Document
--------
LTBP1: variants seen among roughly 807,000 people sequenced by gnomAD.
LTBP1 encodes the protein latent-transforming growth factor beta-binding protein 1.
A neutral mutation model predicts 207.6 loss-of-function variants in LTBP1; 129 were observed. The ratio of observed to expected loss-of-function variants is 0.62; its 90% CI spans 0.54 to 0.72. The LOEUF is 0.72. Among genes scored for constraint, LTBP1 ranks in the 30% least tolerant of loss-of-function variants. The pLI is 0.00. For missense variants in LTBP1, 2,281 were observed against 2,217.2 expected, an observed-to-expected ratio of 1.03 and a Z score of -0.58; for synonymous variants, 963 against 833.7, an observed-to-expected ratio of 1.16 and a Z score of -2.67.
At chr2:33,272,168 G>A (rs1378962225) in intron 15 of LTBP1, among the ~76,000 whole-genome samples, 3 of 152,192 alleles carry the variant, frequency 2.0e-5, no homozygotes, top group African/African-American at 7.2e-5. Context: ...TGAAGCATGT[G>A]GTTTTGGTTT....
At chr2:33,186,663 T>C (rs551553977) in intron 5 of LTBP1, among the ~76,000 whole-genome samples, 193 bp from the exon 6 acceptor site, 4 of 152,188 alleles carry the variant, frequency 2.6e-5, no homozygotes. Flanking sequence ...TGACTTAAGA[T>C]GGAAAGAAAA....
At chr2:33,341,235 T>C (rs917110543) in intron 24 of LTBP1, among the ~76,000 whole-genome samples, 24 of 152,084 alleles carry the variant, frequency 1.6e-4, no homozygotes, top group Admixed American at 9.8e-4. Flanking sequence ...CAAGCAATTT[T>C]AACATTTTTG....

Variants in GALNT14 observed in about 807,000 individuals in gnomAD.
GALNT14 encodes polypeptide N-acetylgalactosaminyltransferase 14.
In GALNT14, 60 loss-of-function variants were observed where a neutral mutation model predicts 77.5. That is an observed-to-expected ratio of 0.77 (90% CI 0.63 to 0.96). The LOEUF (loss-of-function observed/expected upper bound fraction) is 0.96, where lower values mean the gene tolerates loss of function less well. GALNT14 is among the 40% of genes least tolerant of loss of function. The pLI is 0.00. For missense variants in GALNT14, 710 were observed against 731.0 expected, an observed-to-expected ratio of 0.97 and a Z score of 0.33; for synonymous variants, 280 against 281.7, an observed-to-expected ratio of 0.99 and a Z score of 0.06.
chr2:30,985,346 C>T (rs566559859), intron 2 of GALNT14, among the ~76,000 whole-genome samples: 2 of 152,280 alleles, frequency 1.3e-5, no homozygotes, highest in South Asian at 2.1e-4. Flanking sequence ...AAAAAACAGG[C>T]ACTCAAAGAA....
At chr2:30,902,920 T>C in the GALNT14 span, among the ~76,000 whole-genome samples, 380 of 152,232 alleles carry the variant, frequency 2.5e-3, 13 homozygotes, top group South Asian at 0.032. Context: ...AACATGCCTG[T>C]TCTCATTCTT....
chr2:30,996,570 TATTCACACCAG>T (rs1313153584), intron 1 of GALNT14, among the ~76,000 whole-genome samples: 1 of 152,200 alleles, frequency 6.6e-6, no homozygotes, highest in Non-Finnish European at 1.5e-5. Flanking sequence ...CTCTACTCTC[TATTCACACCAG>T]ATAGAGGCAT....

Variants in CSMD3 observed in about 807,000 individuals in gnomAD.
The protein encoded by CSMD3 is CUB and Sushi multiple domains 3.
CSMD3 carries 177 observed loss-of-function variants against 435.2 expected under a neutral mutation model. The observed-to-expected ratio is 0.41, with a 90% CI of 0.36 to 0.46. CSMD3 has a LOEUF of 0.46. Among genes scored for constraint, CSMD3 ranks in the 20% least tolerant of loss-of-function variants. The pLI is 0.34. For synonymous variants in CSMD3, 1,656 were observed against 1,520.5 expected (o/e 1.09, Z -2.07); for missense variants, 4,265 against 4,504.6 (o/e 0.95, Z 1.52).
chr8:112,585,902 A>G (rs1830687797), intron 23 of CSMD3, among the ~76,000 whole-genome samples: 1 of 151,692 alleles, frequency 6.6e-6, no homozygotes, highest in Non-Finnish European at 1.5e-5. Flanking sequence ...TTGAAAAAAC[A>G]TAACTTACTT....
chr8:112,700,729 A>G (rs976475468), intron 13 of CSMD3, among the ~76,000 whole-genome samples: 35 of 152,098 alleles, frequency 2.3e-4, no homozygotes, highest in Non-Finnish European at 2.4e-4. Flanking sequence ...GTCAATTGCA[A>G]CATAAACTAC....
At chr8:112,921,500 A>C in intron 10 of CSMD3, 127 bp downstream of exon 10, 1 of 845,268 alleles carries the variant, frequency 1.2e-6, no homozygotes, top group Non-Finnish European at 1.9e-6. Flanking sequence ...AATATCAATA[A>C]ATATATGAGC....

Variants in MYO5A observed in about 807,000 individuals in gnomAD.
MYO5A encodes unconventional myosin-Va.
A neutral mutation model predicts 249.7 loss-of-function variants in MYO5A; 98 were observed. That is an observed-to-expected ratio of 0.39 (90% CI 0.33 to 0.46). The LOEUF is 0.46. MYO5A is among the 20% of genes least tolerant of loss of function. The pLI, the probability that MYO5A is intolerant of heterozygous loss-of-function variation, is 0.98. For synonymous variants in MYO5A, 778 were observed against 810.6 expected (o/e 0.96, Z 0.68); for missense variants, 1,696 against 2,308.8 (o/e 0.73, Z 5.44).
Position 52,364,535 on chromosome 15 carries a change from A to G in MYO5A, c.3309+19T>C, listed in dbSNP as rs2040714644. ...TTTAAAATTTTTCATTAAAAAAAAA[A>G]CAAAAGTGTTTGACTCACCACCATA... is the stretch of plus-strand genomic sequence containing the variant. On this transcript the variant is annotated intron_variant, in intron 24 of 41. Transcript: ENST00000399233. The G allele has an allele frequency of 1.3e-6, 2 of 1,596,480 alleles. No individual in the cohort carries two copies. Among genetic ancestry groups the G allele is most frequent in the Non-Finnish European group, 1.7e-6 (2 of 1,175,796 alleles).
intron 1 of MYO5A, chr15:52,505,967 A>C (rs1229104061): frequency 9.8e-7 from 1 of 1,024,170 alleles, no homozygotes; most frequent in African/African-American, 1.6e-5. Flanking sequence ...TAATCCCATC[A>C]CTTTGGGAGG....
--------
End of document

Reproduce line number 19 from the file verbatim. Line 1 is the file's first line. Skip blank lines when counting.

Variants in MYO5A observed in about 807,000 individuals in gnomAD.